RyanAir’s one carry-on rule means ONE BAG ONLY – not one carry-on and a purse or laptop. RyanAir does not offer bag checking at the gate. If you show up at the gate with two carry-on items you will probably be turned away. Leave a wee bit of extra space in your one and only carry-on bag in case you buy anything at the airport. Everything you bring with you on your trip has a related charge EXCEPT for the one carry-on item and a mobility device or children’s buggy. Other than those items, there is a fee for checking luggage, particularly excess luggage, and you must deposit the baggage at the appropriate desk no later than 40 minutes prior to the scheduled departure time of the flight. The checked baggage allowance policy details the weight and dimensions permitted.
Whether carrying on or checking, be aware of RyanAir’s carry-on restrictions and packing guidelines. Other policies related to items you may want to travel with: Food; Parachute; Avalanche Rescue Pack; Alcoholic beverages; Life jacket; Musical instruments; Bicycle or sports equipment; Rugby balls or footballs; Wedding dresses.
5) OVERCOATS & BOARDING/SEATING
Wear your coat until you are actually on the plane in case they consider this a separate carry-on item. Passengers do not receive a seat assignment (like Southwest Airlines), just board and find a spot. They offer Priority Boarding for purchase when you book your flight.
6) INFANTS & EXPECTANT MOTHERS
New and expectant parents, I suspect traveling with a child is a true test of your patience, but particularly under these circumstances. Parents, be aware of their carriage of infants policy, which states you cannot use online check-in and any infant 8 days to 23 months must be accompanied by an adult over 16 years of age and only one such infant per one such adult (1:1 ratio). Meaning, if you have twins you need to bring someone else to travel with you and the little duo. Any infant 24 months or more must have his or her own full-fare ticket. Their infant equipment policy and separate car/booster seat policy state that one collapsable buggy (aka stroller) is permitted for free, but read the fine print carefully. Car seats are not permitted for use on board the aircraft. If you are pregnant, feel special because they even have a policy about expectant mothers. RyanAir requires infant passengers be at least eight days old in their newborn baby policy. They prohibit an extra seat being purchased for infants. They have a page of fine print regarding unaccompanied minors.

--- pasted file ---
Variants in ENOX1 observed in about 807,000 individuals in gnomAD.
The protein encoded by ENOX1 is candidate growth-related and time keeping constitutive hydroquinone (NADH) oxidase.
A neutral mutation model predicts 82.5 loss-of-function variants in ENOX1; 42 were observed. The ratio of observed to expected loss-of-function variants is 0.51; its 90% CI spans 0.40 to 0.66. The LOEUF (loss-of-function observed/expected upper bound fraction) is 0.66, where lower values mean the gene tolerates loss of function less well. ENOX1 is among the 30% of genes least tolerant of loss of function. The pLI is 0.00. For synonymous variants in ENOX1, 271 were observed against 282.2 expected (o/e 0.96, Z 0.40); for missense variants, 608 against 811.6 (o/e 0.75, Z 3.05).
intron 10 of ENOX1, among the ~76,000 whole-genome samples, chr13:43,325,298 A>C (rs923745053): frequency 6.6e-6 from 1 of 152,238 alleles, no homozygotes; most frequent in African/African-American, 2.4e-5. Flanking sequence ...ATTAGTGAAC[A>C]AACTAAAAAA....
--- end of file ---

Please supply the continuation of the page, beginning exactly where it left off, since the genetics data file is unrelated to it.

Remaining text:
7) PHYSICAL AND MEDICAL DISABILITIES
If you have mobility issues or special needs when traveling, review the following policies, look on their website for specific information regarding your needs, and notify RyanAir of your condition or special request.
Policies: EC Regulation 1107/2006; Assistance dogs; Portable Dialysis Machine; Post-op and travelers with medical conditions; Bringing your own oxygen (prohibited); Portable oxygen concentrator; In-flight oxygen; Syringes; Wheelchair or mobility scooter; RyanAir-supplied wheelchair.
RyanAir does not provide meals as part of its in-flight service, but they usually have food or beverages available for purchase. They have information for passengers with an allergy to peanuts. They permit passengers to bring their own food so long as it stays within their carry-on food policy.
9) ITINERARY CHANGES
As with any airline, it costs to change any part of a flight itinerary. This can be more complicated if you have to change your travel insurance. It is best to read up on RyanAir’s date/time/route change cost; changing the date/time/route (this is a different page than the previous link); name change cost (only possible if no portion of the itinerary has taken place). They have specific information if you need to change your itinerary due to a death in your family.
10) EVERYTHING ELSE
There are so many policies and nuances to their service that I cannot cover everything, but hope this has given you an overview of some of the basics as well as some of the more obscure things you may wish to know. The search feature on the RyanAir site is easy to use (top left). Here are a few more links to help you find out about flight status; in-flight use of a mobile phone, PDA, or PED.
Don’t assume anything. Slán Abhaile.